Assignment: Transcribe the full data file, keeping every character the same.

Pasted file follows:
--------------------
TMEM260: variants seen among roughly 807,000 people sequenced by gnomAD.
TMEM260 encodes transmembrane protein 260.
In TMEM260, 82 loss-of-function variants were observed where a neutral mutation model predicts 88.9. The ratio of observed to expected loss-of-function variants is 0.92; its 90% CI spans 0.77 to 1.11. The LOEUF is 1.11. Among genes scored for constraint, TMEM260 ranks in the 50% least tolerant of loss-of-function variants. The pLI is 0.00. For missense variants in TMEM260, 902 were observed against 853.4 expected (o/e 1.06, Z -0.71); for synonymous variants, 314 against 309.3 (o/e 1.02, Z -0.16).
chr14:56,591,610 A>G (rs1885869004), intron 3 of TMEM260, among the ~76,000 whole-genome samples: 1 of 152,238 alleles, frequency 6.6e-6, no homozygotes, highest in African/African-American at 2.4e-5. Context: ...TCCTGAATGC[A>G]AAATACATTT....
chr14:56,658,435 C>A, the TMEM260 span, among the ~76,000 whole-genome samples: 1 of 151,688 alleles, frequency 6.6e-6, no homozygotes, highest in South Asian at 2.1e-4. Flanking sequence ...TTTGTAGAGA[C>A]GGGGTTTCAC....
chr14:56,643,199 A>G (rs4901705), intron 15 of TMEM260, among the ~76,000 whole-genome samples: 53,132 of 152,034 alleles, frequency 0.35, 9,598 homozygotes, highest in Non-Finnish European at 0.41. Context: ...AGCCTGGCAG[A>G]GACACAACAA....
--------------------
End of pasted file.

TMEM260: variants seen among roughly 807,000 people sequenced by gnomAD.
TMEM260 encodes transmembrane protein 260.
In TMEM260, 82 loss-of-function variants were observed where a neutral mutation model predicts 88.9. The ratio of observed to expected loss-of-function variants is 0.92; its 90% CI spans 0.77 to 1.11. The LOEUF is 1.11. Among genes scored for constraint, TMEM260 ranks in the 50% least tolerant of loss-of-function variants. The pLI is 0.00. For missense variants in TMEM260, 902 were observed against 853.4 expected (o/e 1.06, Z -0.71); for synonymous variants, 314 against 309.3 (o/e 1.02, Z -0.16).
chr14:56,591,610 A>G (rs1885869004), intron 3 of TMEM260, among the ~76,000 whole-genome samples: 1 of 152,238 alleles, frequency 6.6e-6, no homozygotes, highest in African/African-American at 2.4e-5. Context: ...TCCTGAATGC[A>G]AAATACATTT....
chr14:56,658,435 C>A, the TMEM260 span, among the ~76,000 whole-genome samples: 1 of 151,688 alleles, frequency 6.6e-6, no homozygotes, highest in South Asian at 2.1e-4. Flanking sequence ...TTTGTAGAGA[C>A]GGGGTTTCAC....
chr14:56,643,199 A>G (rs4901705), intron 15 of TMEM260, among the ~76,000 whole-genome samples: 53,132 of 152,034 alleles, frequency 0.35, 9,598 homozygotes, highest in Non-Finnish European at 0.41. Context: ...AGCCTGGCAG[A>G]GACACAACAA....